12-Step Program Available Online
Thereâ€™s a new BlackBerry coming out, with a higher-resolution screen and generally more gizmo for your dollar. In some circles, this news is a lot like hearing thereâ€™s some new, more pure heroin making the rounds. It is, of course, more socially acceptable to flash your new BlackBerry than it is to wave around a bag of smack, but addiction is addiction whether itâ€™s satisfied electronically or intravenously.
I donâ€™t have a BlackBerry. I donâ€™t want a BlackBerry. Iâ€™m not a Luddite or a technophobe, I just donâ€™t feel a need to be that connected. I have a cell phone. People call me and if Iâ€™m free and interested, I answer. Iâ€™ve never had reason to check my email from the waiting area at LaGuardia, or read the newspaper on a tiny screen while walking down the street. Some people do. And some of those people will be hit by buses. Caveat emptor.
What a Country
“It’s a mulligan industry. That’s what makes America great.”
â€”Ken Phillips, RCG Capital Partners, in a Wall Street Journal story on failed hedge fund managers opening new funds.
Yes, America is the land of second chances â€¦ and even third chances, as the Journal points out in its story. Somewhere around the third mulligan, though, “giving a guy a second chance” becomes simply “naive.” Ex-Amaranth trader Brian Hunter, for instance, is on his third mulligan, according to the Journal story. His former boss, Nick Maounis, who presided over Mr. Hunter’s $6 billion in natural gas trading losses in September 2006, is replaying his second shot from the rough, as well. Once again, the comments section of the DealBook entry is priceless.
Mark Fuchs has left Credit Suisse and plans to start a hedge fund trading in shares of Southeast Asian companies, according to Bloomberg.
The de Tocqueville Files
Josh Fry, a 24-year-old ambulance driver from Williamson, insisted he was not racist but said he would feel more comfortable with [John] McCain, the 71-year-old Vietnam war hero, in the White House. â€śI want someone who is a full-blooded American as president,â€ť he said.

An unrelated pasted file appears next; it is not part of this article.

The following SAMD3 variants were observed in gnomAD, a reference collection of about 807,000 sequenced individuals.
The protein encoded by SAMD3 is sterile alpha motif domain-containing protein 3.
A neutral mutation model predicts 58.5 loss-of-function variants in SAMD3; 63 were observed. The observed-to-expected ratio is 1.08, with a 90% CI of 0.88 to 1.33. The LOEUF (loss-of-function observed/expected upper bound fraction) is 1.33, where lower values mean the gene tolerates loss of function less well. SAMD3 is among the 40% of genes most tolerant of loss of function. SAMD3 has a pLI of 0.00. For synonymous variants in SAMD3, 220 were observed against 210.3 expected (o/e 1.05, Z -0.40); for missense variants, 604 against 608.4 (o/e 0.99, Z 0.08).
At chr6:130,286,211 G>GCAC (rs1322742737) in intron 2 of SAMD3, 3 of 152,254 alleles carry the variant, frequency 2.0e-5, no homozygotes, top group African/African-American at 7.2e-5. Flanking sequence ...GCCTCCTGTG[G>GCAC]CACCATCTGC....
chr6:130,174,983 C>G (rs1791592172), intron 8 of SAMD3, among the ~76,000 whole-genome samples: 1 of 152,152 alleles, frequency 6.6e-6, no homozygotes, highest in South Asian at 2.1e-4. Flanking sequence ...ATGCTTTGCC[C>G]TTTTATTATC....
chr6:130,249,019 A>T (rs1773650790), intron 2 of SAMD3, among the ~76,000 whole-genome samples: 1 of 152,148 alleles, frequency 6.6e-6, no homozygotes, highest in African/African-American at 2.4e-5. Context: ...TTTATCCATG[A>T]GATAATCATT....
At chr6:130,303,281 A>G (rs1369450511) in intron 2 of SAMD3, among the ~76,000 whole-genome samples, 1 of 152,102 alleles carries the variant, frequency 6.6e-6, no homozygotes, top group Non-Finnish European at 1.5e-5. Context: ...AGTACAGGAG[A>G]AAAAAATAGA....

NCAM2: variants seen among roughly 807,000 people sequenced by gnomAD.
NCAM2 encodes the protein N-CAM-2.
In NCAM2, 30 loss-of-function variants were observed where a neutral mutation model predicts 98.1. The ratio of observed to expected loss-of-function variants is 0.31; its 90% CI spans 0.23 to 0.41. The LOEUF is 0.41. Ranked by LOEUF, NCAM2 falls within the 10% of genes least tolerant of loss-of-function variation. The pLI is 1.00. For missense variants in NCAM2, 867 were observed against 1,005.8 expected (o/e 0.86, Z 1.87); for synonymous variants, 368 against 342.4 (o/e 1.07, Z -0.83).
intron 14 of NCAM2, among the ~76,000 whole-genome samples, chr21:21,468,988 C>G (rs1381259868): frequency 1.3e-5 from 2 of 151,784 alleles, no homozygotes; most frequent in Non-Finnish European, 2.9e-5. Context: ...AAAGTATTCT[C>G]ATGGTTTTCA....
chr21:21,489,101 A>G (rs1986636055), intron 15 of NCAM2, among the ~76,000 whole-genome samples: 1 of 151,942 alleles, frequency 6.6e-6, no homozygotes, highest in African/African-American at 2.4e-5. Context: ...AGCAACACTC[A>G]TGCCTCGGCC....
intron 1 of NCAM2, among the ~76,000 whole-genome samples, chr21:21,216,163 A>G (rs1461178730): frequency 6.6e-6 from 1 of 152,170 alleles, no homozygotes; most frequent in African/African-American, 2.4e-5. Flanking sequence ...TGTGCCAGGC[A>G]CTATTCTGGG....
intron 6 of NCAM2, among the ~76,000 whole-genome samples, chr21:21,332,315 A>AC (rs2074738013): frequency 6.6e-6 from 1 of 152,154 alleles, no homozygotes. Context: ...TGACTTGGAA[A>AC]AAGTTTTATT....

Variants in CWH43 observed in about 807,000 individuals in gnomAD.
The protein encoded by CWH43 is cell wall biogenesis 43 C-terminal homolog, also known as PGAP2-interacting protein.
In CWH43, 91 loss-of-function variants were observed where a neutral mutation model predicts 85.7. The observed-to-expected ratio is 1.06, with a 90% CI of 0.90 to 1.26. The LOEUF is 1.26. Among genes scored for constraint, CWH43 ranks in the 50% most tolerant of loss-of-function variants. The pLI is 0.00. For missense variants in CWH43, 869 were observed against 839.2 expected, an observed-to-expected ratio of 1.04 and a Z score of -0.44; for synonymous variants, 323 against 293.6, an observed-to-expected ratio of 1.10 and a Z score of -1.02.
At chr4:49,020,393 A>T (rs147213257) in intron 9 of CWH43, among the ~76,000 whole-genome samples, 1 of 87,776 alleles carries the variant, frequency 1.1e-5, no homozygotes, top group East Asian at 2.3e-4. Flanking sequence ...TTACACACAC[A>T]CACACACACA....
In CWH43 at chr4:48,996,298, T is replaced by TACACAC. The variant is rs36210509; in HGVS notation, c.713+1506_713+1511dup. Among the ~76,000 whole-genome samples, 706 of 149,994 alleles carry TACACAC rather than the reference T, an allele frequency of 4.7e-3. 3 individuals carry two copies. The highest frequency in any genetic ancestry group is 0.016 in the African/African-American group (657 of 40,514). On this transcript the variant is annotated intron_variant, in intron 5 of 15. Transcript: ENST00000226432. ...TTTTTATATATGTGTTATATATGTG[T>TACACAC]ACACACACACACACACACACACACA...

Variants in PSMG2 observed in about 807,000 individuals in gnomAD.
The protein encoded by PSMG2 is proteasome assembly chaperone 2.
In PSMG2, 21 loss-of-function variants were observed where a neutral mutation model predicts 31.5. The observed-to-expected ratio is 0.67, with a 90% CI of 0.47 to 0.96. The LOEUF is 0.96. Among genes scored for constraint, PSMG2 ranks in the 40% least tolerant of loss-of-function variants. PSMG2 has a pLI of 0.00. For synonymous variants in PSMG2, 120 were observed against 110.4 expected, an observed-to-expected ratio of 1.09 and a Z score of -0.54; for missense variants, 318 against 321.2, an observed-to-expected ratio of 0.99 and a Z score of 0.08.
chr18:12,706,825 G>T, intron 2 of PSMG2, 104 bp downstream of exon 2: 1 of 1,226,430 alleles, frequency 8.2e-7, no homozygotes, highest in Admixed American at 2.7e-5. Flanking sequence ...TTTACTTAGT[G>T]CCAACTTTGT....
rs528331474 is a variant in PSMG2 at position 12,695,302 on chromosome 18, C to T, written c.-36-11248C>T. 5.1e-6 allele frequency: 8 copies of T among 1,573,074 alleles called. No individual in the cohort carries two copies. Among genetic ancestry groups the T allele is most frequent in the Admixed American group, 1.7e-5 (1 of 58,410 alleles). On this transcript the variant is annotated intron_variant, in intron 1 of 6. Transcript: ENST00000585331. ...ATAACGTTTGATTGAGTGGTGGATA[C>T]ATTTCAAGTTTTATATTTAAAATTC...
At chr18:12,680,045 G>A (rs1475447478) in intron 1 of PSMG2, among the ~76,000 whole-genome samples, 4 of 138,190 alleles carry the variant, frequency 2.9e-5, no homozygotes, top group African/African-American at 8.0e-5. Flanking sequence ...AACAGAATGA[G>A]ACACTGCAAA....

If by â€śfull-bloodedâ€ť you mean someone with Scots-Irish and English in his ancestry, then Mr. McCain fits the bill perfectly. Thank you, Josh, for illustrating that any democracy is only as strong as its weakest link.
The Gloves are Off
Apparently it’s never too late to blame someone else. It’s going on a year since Bear Stearns’ two structured credit hedge funds imploded. Now comes word via Times Online that ex-Bear Chief Executive Alan “Ace” Greenberg said his successor, James Cayne, didn’t listen to his warnings about the impending credit crisis. “I don’t understand why he still comes in. He’s not employed here any more,” the paper quoted Mr. Greenberg as saying. That was among his milder comments.
Also quoted in the story was ex-convict Jordan Belfort, who happens to be helping Mr. Greenberg write his memoirs. “Ace is a really great trader. Everybody likes him,” Mr. Belfort told the paper. “Cayne had the reputation of being a bastard.”
Then again, Mr. Greenberg was chairman of Bear Stearns’ risk and executive committees during the runup to the downfall. But apparently it looks much better if you’re in the office and not paying attention than if you’re out playing bridge and getting in a few rounds of golf while not paying attention. Food for thought the next time the markets go all blooey and your buddy calls to see if you can get in 18 at Winged Foot.